Why It’s Important To Build A Healthy Database (Plus 5 Impactful Things You Can Do Right Now)

By Kate Adams

We’ve been talking about digital transformation as an industry for more than 10 years, and it’s given us the technology to be much more efficient with our time and budget to grow.

And we’ve also learned that the best-performing campaigns come from data. So to make good marketing decisions, you first need to ensure you have a strong database to pull from.

But…your database probably looks like this:

☝ That’s your database, and it’s full of…weeds and dead bulbs. I don’t know a ton about gardening, but I do know that’s not good. We learned from Informatica that as much as 30% of your data decays every year.

30% feels outrageous.

But if you break it down, it’s a little bit over 2% a month. Suddenly, that’s a lot more reasonable.

Companies are merging, acquiring, folding, and getting funding faster than ever. You probably send emails to tens of thousands or hundreds of thousands or even millions of businesses. We can’t expect our lists to stay the same forever.

Your database is in a constant state of decay, and that decay has a real business cost. Our friends at Eloqua found that if you spend $1 on a record upfront, but that record is bad (they’re no longer at that company or the email bounces, for example), it ends up costing $11 downstream ?

And that doesn’t include the cost of sending un-optimized campaigns. Buyers today want a more personalized experience that shows you know something about them and that you’re worth their time, and data is the way to make that happen.

Your reps also don’t want to waste time chasing down that outdated record. Gartner found that ⅔ of a sales rep’s day is spent in non-selling activities. So when you think about your reps that are hitting that $1 million quota – imagine what they could do if they were giving all of their energy toward active leads with the right contact information.

4 (More) Reasons Why A Healthy Database Matters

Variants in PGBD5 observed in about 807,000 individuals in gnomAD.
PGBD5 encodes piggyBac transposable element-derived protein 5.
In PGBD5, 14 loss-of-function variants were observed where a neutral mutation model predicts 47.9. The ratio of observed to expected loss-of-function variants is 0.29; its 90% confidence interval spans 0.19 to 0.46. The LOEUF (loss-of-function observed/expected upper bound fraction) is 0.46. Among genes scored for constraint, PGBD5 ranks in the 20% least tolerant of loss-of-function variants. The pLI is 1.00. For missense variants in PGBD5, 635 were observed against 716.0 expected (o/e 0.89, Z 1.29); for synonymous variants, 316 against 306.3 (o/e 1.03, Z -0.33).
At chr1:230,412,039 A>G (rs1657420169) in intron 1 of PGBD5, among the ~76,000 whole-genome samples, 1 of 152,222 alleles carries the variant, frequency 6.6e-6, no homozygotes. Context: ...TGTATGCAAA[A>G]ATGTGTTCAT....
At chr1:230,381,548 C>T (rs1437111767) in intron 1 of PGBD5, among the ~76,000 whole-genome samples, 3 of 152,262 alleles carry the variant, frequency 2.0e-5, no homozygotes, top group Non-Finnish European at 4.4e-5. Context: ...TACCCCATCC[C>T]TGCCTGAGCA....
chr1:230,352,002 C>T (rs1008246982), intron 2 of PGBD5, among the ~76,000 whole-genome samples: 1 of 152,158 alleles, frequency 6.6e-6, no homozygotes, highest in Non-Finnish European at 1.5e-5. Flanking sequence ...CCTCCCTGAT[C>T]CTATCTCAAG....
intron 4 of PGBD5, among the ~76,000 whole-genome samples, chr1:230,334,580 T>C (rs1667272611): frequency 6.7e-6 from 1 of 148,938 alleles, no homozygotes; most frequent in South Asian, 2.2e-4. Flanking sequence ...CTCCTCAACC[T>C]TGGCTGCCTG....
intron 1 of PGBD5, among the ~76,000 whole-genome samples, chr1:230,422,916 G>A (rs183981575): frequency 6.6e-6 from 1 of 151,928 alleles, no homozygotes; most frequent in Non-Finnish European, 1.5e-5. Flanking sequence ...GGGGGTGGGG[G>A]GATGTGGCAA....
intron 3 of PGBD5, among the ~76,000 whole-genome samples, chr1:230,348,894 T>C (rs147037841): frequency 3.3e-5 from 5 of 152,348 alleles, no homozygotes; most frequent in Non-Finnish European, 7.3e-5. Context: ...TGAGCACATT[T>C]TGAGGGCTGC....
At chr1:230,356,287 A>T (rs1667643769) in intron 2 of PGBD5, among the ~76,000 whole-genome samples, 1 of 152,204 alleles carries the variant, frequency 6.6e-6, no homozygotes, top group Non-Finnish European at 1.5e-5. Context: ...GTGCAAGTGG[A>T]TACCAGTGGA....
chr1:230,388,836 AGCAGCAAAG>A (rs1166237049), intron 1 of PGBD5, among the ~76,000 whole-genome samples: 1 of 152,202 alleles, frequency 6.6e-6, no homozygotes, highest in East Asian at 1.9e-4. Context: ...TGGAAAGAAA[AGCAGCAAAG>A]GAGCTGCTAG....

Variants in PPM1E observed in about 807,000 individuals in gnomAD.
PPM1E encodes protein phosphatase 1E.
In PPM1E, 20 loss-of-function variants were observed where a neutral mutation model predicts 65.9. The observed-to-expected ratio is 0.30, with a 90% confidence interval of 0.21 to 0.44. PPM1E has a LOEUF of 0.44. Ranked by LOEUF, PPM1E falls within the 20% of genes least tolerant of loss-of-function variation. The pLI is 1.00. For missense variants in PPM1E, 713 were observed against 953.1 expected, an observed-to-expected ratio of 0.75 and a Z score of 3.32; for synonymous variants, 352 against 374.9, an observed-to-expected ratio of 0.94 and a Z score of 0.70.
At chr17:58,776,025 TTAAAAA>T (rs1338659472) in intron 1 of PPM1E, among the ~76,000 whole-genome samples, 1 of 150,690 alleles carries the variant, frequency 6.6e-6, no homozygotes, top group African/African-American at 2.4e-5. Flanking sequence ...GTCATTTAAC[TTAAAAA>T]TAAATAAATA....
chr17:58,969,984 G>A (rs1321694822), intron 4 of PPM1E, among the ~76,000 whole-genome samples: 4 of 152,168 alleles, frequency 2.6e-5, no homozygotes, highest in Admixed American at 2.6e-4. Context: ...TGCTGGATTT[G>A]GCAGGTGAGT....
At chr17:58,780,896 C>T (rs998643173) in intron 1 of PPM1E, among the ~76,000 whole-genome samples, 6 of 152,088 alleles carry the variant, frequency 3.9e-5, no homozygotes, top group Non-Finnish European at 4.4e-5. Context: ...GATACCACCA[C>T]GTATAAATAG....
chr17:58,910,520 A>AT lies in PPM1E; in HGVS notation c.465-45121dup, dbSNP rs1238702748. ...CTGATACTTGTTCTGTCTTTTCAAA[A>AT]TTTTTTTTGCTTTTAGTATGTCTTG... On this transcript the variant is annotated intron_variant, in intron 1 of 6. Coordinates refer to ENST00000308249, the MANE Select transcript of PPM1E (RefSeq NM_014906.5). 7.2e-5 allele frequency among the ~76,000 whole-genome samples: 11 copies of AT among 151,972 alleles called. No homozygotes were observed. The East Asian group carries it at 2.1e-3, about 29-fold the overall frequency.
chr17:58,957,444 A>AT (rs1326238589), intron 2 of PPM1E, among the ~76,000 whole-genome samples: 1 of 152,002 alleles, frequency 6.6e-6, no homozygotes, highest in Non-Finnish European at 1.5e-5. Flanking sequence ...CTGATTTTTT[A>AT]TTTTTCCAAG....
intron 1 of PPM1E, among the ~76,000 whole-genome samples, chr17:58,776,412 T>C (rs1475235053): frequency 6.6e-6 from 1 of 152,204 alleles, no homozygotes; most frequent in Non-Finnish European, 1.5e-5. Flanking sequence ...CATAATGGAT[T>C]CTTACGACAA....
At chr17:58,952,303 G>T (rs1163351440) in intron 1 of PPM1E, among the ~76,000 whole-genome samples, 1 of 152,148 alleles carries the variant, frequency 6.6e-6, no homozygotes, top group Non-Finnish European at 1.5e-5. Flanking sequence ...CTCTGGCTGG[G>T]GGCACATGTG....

Okay, I got your attention with bad data and some scary ROI numbers. But wait, there’s more. Let’s break it down with a few other reasons why you should care.

1.   Campaign Performance

Here’s the truth: The size of your database doesn’t matter. The quality of it does. So before you get excited about millions of contacts, think instead about your performance. If you’ve sent 20 emails to someone and they don’t ever open them, who cares?

You won’t be able to run a high-performing campaign unless you have a clean database.

Take a classic ABM campaign for example. I did a webinar with another company last week and they said, “Hey, we sent out these Yeti mugs.” People love free stuff.

But that’s at least $30 in a box, and if you’re sending them to people who are no longer at the organization, or have a different role now, or their office moved, or they don’t work at the location you thought they did – now you’re just throwing money out the window.

2.   Deliverability

Second, your email campaigns won’t be read if they’re not delivered. There are more than 7,500 MarTech vendors in the space today, all with different pricing models, and most of them charge you based on storage.

If you can’t deliver to an email address, it’s trash. So don’t pay big bucks to store a bunch of junk. I’ll say it again: It’s not about how big your database is – it’s how active, engaged, and valuable it is for your business.

Email marketers need to partner with marketing operations to develop a system for regularly removing invalid, unsubscribed, and other outdated contacts from their marketing automation platform. There are database hygiene tools that can help automate this.

3.   Privacy & Data Compliance

A healthy database allows you to identify the location of your contacts.

GDPR is something marketers have had to deal with for a while now, but now that CCPA is in effect and other privacy regulations are on the way, it’s more important than ever to make sure your database is compliant – otherwise, you’re risking some hefty fines.

That’s because the laws don’t apply to where your company is based, but where your audience is – so you’ll need to make sure you have a plan in place to address the laws of each of your markets.

A healthy database enables you to ensure you’re collecting permission-based data, and understand how to update or delete contact records if someone wants to be taken out of your system. This, in turn, also makes unsubscribing people the first time around a lot easier.

4.   The Sales-Marketing Relationship

The key word for any relationship is “trust.”

Sales needs to have confidence that marketing can deliver real results and real leads. And if marketing can’t trust that sales is adding valuable data that can help them run better campaigns, it’s going to add friction into that relationship.